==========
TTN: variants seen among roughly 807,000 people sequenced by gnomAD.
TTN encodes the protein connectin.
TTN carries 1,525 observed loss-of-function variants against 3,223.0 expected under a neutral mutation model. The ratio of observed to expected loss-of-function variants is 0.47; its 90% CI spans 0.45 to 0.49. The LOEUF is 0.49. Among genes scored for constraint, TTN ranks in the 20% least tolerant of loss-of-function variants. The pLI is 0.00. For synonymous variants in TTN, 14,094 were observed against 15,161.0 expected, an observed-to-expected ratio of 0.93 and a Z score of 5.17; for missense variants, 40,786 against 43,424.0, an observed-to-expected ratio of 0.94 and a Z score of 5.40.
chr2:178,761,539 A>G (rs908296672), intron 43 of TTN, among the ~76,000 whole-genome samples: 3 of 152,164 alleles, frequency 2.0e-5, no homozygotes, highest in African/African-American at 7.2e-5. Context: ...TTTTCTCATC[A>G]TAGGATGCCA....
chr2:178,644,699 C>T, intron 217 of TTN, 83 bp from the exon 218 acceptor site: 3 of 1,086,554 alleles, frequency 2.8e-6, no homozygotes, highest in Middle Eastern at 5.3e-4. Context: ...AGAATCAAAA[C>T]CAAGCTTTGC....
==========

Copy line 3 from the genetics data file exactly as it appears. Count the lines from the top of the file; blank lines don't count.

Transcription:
TTN carries 1,525 observed loss-of-function variants against 3,223.0 expected under a neutral mutation model. The ratio of observed to expected loss-of-function variants is 0.47; its 90% CI spans 0.45 to 0.49. The LOEUF is 0.49. Among genes scored for constraint, TTN ranks in the 20% least tolerant of loss-of-function variants. The pLI is 0.00. For synonymous variants in TTN, 14,094 were observed against 15,161.0 expected, an observed-to-expected ratio of 0.93 and a Z score of 5.17; for missense variants, 40,786 against 43,424.0, an observed-to-expected ratio of 0.94 and a Z score of 5.40.